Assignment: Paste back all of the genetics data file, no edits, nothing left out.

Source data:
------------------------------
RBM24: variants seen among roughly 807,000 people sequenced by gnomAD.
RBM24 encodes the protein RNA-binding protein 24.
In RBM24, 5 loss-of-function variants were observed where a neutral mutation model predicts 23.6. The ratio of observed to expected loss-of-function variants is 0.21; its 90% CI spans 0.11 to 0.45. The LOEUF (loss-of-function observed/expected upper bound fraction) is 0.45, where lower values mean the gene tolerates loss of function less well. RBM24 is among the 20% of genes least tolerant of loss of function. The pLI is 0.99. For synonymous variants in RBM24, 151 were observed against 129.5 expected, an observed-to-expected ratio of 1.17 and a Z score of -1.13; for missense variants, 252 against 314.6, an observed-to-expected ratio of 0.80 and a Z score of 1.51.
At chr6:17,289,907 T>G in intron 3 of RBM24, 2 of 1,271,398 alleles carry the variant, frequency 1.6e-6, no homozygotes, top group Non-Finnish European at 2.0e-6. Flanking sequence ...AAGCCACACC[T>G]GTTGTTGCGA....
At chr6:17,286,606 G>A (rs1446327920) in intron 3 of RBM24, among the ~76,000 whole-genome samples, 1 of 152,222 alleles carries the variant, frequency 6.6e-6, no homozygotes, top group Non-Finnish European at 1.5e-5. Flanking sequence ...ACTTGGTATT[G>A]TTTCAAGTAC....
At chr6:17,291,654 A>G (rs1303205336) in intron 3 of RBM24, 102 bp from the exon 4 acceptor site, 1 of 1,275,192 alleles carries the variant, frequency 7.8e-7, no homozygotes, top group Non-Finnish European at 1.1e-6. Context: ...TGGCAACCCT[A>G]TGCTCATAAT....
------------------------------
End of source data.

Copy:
RBM24: variants seen among roughly 807,000 people sequenced by gnomAD.
RBM24 encodes the protein RNA-binding protein 24.
In RBM24, 5 loss-of-function variants were observed where a neutral mutation model predicts 23.6. The ratio of observed to expected loss-of-function variants is 0.21; its 90% CI spans 0.11 to 0.45. The LOEUF (loss-of-function observed/expected upper bound fraction) is 0.45, where lower values mean the gene tolerates loss of function less well. RBM24 is among the 20% of genes least tolerant of loss of function. The pLI is 0.99. For synonymous variants in RBM24, 151 were observed against 129.5 expected, an observed-to-expected ratio of 1.17 and a Z score of -1.13; for missense variants, 252 against 314.6, an observed-to-expected ratio of 0.80 and a Z score of 1.51.
At chr6:17,289,907 T>G in intron 3 of RBM24, 2 of 1,271,398 alleles carry the variant, frequency 1.6e-6, no homozygotes, top group Non-Finnish European at 2.0e-6. Flanking sequence ...AAGCCACACC[T>G]GTTGTTGCGA....
At chr6:17,286,606 G>A (rs1446327920) in intron 3 of RBM24, among the ~76,000 whole-genome samples, 1 of 152,222 alleles carries the variant, frequency 6.6e-6, no homozygotes, top group Non-Finnish European at 1.5e-5. Flanking sequence ...ACTTGGTATT[G>A]TTTCAAGTAC....
At chr6:17,291,654 A>G (rs1303205336) in intron 3 of RBM24, 102 bp from the exon 4 acceptor site, 1 of 1,275,192 alleles carries the variant, frequency 7.8e-7, no homozygotes, top group Non-Finnish European at 1.1e-6. Context: ...TGGCAACCCT[A>G]TGCTCATAAT....